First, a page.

TV show Voices From Palestine hears from Waed Abu-Ktesh, a young Palestinian woman who’s formed the first all female football team in her refugee camp.

"If we lived somewhere else we would be fine. But here things are difficult. We live under Israeli occupation on one hand, while on the other we are surrounded by very conservative Palestinians. Palestinians here are not accustomed to young women wanting to play football," says Waed Abu Ktesh, as she juggles a football in her hands.

The energetic 22-year-old lives in Al-Jalazone refugee camp, seven kilometres north of Ramallah city. I met her recently while filming interviews for BBC Media Action’s debate show Voices From Palestine. Waed told me she decided to form an all women’s football team to break away from her society’s restrictions on women.

Aged between 18-24, the 14 women train twice a week and start their practice by meeting at the camp gate and then walking down the street and past Beit El settlement and the villages of Ein Senia and Jifna.

"We have not dared to jog as a warm-up," Waed says. "We are taking baby steps to get the camp accustomed to our training. Once they are more comfortable with a large group of women walking, we may introduce jogging," she laughs, finding humour in their enforced slow start.

Sporting freedom

The team then heads to Ramallah by bus, where they train in a proper football field. Once they get to the football field, they have complete privacy to play, run around and shout during practice. Waed says that some of the girls even get the chance to play without their headscarves because there are no men present or close enough to see.

"Most people don’t like how we dress, the trousers and fitted shirts. They don’t realise it helps us move easier," she says.

Waed was able to get shirts, shorts and trousers for her teammates from a local non governmental organisation. Those in the team who have chosen the option of shorts are also given long socks for protection and to cover their legs. She says that such measures are taken so that she can avoid gossip in the refugee camp.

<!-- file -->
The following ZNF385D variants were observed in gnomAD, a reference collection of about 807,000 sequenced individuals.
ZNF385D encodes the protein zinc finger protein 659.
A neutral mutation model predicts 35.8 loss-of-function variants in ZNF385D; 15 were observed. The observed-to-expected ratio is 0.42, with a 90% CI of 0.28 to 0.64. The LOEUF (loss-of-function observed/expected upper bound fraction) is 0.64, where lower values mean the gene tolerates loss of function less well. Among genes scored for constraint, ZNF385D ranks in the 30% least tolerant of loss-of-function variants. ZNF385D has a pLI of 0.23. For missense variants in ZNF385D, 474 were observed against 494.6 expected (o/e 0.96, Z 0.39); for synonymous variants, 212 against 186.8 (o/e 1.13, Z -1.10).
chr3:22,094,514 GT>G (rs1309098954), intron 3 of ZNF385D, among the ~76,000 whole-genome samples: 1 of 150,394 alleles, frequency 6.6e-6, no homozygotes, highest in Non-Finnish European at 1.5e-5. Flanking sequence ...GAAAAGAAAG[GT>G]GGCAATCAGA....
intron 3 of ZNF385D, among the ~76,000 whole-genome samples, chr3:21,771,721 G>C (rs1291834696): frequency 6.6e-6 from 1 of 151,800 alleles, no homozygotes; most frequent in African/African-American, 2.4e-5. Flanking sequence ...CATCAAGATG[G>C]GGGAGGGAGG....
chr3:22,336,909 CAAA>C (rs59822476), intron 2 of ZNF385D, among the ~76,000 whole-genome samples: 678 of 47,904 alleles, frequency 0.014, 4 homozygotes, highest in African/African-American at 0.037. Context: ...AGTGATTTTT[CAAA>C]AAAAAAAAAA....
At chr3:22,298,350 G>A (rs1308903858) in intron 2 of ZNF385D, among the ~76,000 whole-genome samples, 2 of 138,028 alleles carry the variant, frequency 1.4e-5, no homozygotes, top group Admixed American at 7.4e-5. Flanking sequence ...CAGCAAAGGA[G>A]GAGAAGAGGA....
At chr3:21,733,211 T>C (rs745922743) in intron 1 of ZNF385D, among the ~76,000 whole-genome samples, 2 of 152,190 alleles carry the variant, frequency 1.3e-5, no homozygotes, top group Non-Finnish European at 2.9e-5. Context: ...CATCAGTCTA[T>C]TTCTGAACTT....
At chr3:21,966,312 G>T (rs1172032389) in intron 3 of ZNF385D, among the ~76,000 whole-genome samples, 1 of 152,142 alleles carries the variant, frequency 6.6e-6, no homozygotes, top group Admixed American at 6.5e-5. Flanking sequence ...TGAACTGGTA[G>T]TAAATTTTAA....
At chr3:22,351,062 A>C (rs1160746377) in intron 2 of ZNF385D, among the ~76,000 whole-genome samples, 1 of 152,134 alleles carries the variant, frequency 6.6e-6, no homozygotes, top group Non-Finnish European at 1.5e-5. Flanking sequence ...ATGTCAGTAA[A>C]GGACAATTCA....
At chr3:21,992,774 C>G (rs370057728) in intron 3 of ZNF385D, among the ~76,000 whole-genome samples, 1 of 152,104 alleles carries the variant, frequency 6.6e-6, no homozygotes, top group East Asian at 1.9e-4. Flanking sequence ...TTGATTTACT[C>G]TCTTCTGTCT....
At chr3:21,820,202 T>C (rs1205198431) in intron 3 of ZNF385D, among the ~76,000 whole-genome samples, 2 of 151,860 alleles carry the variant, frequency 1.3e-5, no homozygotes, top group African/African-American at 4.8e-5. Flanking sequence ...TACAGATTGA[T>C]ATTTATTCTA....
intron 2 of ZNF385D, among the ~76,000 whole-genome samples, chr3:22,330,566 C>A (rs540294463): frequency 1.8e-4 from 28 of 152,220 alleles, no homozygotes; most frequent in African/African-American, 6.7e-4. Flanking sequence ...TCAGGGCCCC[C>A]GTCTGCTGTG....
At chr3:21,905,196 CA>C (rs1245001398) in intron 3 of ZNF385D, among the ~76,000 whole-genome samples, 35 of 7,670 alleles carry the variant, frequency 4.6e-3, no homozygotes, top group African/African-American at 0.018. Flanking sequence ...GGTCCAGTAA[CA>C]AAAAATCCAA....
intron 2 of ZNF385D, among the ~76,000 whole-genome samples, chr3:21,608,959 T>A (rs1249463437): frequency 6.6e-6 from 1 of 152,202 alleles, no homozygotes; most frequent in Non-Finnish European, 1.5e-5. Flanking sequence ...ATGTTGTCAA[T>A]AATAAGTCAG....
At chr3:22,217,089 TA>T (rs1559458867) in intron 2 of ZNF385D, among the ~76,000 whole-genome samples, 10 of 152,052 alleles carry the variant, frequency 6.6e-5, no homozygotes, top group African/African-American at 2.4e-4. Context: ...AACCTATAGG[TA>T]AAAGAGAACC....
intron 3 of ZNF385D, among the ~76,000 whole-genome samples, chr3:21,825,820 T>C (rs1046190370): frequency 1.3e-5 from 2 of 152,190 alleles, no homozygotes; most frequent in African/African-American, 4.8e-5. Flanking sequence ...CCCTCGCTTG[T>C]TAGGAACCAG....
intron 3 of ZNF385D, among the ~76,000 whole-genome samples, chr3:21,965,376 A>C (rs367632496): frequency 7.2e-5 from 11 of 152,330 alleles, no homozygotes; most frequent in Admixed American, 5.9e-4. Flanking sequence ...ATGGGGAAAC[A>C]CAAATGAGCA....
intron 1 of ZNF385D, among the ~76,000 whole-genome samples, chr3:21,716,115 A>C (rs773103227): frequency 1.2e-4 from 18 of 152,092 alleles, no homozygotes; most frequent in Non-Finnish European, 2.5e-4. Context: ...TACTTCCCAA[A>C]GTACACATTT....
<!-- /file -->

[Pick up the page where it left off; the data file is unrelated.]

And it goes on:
Worlds apart

Al-Jalazone refugee camp is a neighbour to one of the well-known Israeli settlements in the West Bank, Beit El. Beit El is also home to the Israeli Civil Administration for the Occupied Palestinian Territories. Established in 1977, Beit El houses approximately 5,600 Israeli settlers on approximately 1,528 dunams of land (1.528 km2). Beit El is a fully equipped city for Israelis to enjoy different recreational activities whether male or female.

Al-Jalazone Refugee Camp on the other hand, is one of the many refugee camps formed by the United Nations Relief and Works Agency (UNRWA) on land leased by Jordan following the 1948 war. Al-Jalazone houses approximately 14,500 Palestinian refugees on approximately 253 dunams of land (.25 km2).

And Al-Jalazone has its own set of issues which young people like Waed have to deal with.

Culture in the Palestinian Territories

"Our families are always worried about what people say. My Dad always says, 'What do you think people will say about me? Don't you care about your father’s honour?' But I just tell him a joke, make him laugh and he forgets," adds Waed, with a giggle.

A local village elder explained to me that Palestinian society is gradually changing, but many of the surrounding villages and refugee camps are still predominately patriarchal societies. Most people have began to accept women attending college and pursuing certain careers; but practicing outdoor sports and being very active in society remains taboo.

Waed told me that if she was given the opportunity to emigrate to Europe or the US, she would take that opportunity. There, she said, she could join an all-woman's football team and be an active member of a city council.

Women's rights in the Palestinian Territories

Waed represents a large portion of Palestinian women struggling to bring about change in the Palestinian territories. Forty nine per cent of the population in the West Bank and Gaza Strip, women are usually the main breadwinners due to the high rates of male political prisoners. Yet women still face a lot of prejudice.

In a future programme, Voices from Palestine will discuss women’s role in Palestinian society and hear more stories of young women like Waed.

Related links

More blogs from Lana Shehadeh:

Leaving home

Turning promises into action

BBC Media Action's work in Palestine Territories

BBC Media Action's governance work

Go back to BBC Media Action


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